Publication: Promoting Physical Activity Among Children and Adolescents With Disabilities: The Translation of Policy to Practice Internationally in Journal of Physical Activity and Health

Research Impact: Approximately 15% of the world’s population have disabilities. In this paper, policies that focused on physical activity for children and adolescents with disabilities are highlighted and using data from the recent round of the Global Matrix, countries that disaggregated data by disability status were asked to report how their governments influence the physical activity behaviours of children with disabilities. In addition, supporting documents from the United Nations Human Rights Council were synthesized to demonstrate the transition of policy to practice.

In short, there have been international and national movements to improve policies related to physical activity for children and adolescents with disabilities. Despite these policies, large data gaps exist. For example, of the 57 countries involved in the Global Matrix 4.0, 14 countries or jurisdictions provided information about physical activity of children and adolescents with disabilities. Of which, limited data were available. however, the Global matrix is also not fully comprehensive as other countries that submitted to the United Nations human rights council report on physical activity of people with disabilities are not involved in the Global Matrix 4.0, or did not collaborate with an exercise called the Para Report Cards. Despite these limitations, there were some insights into policies for children with disabilities. In Ireland, there were reasonable levels of policy documents, with a grade of B (that is equivalent to a HEPA PAT score of 67.5), yet when it came down to PA behaviours, the overall grade was an F, that means less than 20% of children and adolescents with disabilities did, on average, sufficient amounts of physical activity, took part in organised sports, active play, active transport or had less than 2h of recreational screen time. This is known as the policy to behaviour gap, and is highlighted in this paper, as commonly found in other countries too.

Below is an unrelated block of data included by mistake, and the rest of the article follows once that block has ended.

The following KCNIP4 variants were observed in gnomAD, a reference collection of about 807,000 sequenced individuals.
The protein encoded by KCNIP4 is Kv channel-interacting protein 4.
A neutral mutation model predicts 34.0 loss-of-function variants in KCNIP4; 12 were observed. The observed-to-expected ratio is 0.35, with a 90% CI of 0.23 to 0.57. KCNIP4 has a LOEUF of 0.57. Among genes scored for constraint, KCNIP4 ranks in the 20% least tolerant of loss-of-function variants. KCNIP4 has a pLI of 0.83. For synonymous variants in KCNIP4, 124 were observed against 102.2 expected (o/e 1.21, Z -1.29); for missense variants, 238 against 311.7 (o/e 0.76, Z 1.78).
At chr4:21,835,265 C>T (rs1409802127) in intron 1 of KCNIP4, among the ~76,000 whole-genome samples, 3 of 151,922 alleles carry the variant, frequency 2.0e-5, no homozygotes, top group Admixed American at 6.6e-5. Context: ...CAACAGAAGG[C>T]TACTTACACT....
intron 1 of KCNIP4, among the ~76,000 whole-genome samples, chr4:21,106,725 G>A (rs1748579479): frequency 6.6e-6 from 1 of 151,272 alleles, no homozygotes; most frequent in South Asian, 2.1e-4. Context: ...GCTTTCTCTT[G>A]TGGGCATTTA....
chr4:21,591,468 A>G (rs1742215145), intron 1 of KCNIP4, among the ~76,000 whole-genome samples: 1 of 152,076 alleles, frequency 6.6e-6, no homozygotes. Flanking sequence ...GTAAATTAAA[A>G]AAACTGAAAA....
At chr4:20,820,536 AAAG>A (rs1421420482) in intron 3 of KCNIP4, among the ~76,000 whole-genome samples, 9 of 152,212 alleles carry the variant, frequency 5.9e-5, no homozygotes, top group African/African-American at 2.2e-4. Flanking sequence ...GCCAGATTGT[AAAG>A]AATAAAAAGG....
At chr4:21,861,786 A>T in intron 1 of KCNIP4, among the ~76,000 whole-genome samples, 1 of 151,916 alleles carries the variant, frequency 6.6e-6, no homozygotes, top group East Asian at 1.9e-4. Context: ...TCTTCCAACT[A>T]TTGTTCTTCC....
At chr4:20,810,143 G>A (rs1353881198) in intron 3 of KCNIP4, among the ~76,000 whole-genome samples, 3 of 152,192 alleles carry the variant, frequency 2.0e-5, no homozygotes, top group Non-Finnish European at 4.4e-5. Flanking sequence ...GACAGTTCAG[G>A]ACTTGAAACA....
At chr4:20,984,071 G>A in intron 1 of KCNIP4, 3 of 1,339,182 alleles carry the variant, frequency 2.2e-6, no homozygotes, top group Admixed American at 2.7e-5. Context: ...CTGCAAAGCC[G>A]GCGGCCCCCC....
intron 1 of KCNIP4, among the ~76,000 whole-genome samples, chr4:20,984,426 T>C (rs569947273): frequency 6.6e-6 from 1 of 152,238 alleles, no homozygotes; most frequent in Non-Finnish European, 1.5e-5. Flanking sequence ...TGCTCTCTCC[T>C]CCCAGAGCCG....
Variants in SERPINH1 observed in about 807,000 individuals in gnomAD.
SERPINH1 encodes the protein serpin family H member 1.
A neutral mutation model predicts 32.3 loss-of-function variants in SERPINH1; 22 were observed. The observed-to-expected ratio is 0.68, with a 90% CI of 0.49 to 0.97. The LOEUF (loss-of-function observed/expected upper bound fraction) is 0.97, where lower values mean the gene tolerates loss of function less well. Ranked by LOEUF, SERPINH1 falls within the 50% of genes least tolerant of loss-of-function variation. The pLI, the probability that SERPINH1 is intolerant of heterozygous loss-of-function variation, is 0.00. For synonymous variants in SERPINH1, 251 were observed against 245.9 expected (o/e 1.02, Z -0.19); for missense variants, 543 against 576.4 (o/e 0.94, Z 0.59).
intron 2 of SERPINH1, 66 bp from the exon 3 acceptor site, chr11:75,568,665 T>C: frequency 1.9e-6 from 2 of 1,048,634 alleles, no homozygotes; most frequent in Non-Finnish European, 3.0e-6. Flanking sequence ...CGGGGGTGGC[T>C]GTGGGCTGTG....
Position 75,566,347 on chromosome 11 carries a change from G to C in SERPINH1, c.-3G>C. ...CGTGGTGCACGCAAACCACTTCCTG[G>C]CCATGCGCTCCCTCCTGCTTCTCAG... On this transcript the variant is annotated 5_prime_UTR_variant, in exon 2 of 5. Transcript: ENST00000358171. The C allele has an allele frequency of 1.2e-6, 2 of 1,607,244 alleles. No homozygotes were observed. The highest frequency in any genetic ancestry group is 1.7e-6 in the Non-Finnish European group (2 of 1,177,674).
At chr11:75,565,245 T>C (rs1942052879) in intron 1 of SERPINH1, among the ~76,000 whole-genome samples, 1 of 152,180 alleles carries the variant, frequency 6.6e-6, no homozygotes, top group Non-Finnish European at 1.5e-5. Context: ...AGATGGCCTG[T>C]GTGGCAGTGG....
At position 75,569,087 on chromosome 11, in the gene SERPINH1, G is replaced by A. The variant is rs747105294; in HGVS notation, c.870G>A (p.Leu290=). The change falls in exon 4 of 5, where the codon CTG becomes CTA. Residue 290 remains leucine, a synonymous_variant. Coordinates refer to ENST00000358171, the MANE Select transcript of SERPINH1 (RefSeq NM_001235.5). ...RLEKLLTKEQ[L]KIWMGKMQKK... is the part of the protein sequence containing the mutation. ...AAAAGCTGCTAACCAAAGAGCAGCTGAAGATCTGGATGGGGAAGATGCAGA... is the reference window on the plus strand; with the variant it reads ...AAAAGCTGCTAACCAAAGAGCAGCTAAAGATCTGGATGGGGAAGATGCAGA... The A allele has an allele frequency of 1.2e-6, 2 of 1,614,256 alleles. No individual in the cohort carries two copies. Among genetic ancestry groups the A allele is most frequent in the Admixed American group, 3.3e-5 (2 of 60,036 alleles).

Sit, C., Aubert, S., Carty, C., Silva, D.A.S., López-Gil, J.F., Asunta, P., Palad, Y., Guisihan, R., Lee, J., Nicitopoulos, K.P.A. and Vanderloo, L.M., Stanish, H., Haegele, J., Urbanaski, P.K., Pozerience, J., Hutzler, Y. and Ng, K.  2022. Promoting physical activity among children and adolescents with disabilities: the translation of policy to practice internationally. Journal of Physical Activity and Health19(11), pp.758-768.

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